LARWILL — In a fiery school board meeting, the Whitko School Board decided that effective the 2018-2019 school year, Whitko Community Schools will have two kindergarten-6th grade elementary schools and one 7-12th grade high school location.

What they did not decide, however, was where the high school will be located.

Eric Trump motioned for the 7-12 building to be housed at the Larwill location, but withdrew the motion after the crowd erupted in protest.

Residents in attendance were upset about the board making the decision while down a board member.

The vote on the schools came after a chaotic public hearing on the issue, during which one speaker was removed by police. Scott Darley began with a series of questions for the board, but the board refused to answer.

“This is not a public question session, this is a hearing,” board member Jorell Tucker said.

Darley pressed on until Superintendent Steve Clason requested Pierceton Police Department officers in the room to remove Darley for being uncooperative.

Other speakers highlighted their wishes for the board to think hard about the decision.

“I understand that you have a difficult decision to make, and I understand that with dwindling enrollment you need to make them soon,” South Whitley Town Council President Randy Cokl said. “I think we need to try consolidation for a few years and then reconsider. We need to be careful of increased taxes. I know in South Whitley we had to do some mandated projects that raised some taxes and that irritated some people.”

Jason Arnold asked the board to reconsider the time of its work sessions so that more members of the public can attend.

“A lot of us have work, and while that time may work well with your jobs it does not with the community,” he said.

He also thought the new school board member should be involved.

“My feeling is that the new board member should be involved with the school move,” he said.

The board looked at immediate needs for a 7-12 building and at both the Larwill and South Whitley locations, trying to determine which is better suited and, financially, board members thought Larwill was the best option.

Immediate needs included a welding machine room, locker rooms, parking, media center, offices, student lockers and various classrooms. To retrofit Whitko High School would cost a contractor-estimated $3.2-million, but to move to the middle school would only cost between $500,000 and $1 million. They also estimated that sewer and water costs at the middle school would be less than half the costs currently at Whitko High School.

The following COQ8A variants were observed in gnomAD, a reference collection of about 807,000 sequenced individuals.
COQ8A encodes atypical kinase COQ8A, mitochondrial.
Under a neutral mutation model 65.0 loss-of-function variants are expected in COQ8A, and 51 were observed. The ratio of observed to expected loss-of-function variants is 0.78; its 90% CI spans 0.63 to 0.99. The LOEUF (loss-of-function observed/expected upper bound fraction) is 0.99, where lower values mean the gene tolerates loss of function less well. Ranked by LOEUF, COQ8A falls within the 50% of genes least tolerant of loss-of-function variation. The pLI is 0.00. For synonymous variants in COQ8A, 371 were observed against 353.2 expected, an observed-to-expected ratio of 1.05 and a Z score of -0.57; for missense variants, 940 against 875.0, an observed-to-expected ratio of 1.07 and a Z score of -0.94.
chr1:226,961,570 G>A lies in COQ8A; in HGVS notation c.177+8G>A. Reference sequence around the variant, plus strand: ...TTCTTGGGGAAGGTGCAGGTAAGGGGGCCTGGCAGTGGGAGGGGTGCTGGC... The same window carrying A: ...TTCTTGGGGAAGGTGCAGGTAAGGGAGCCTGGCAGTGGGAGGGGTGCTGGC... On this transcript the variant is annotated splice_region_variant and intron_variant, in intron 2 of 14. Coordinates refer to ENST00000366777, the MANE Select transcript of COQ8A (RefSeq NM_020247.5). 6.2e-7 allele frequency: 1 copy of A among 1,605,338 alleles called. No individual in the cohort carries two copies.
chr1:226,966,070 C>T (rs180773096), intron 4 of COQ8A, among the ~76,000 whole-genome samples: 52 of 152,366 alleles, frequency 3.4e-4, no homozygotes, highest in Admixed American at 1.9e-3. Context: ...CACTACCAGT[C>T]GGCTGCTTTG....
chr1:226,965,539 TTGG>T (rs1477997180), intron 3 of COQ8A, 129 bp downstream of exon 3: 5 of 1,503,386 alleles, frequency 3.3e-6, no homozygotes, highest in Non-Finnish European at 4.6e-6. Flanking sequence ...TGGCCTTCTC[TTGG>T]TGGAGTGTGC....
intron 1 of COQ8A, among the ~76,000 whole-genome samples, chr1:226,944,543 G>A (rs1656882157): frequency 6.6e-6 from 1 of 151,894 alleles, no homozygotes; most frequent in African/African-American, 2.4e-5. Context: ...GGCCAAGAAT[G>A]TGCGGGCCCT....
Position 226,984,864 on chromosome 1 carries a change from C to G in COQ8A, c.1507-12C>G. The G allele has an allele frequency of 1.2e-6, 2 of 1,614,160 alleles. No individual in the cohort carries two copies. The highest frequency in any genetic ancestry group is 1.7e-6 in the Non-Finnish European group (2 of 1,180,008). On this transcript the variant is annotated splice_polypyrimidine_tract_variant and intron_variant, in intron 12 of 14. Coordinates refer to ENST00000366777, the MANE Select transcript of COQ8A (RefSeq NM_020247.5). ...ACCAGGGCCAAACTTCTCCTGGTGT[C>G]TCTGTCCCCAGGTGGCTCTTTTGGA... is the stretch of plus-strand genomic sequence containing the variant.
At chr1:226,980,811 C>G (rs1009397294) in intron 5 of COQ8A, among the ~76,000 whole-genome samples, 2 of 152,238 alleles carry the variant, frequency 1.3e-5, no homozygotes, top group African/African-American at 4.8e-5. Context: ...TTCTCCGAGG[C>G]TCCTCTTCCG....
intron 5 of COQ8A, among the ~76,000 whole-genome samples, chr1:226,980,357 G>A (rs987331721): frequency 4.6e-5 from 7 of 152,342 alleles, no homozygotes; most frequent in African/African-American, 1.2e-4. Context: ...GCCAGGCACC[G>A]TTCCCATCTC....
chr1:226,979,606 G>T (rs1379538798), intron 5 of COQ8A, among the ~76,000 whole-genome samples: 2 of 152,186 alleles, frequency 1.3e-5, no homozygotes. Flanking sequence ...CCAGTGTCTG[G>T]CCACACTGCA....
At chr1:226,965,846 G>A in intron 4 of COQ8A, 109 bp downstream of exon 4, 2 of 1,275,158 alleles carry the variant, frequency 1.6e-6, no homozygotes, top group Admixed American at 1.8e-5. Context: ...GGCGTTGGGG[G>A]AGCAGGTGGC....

If they were to move to the middle school, high school athletic and performance venues would still be utilized.

With the motion withdrawn, the issue of where to house the consolidated middle and high schools will reappear at the next board meeting on Jan. 15.

In other Whitko School Board news

• Matt Long was appointed and sworn in as Cleveland Township’s new representative to the board. The board considered several applicants, and ultimately selected Long.

• Pierceton and South Whitley Elementary celebrated successful spelling bees, with South Whitley’s being the longest it has ever been according to principal Brian Emmert.

• Whitko Middle School faculty and students spent the month talking about what respect means to students, faculty and families at home.

“What we’ve done so far is we’ve asked students to identify what they think respect means,” Principal Gene Sweeny said. “As an educator, I’ve seen the power of respect in the community and how it’s essential in maintaining relationships.”

• Officer Tim Sammons of the Pierceton Police Department gave a presentation on his work in Pierceton Elementary with the Drug Abuse Resistance Education program.

“If you don’t know a lot about it, you think it’s a program to say ‘no’ to drugs,” Sammons said. “In the 80s that’s how it was, but after reworking the program it’s more about an officer coming in and telling kids how to say ‘no.’ We’re talking about how to be a good citizen, how to build on tough times at home and other things.”

• Leah Glassburn, a resource teacher with Whitko High School, presented on her department, highlighting their areas of instruction including real-world community interaction.


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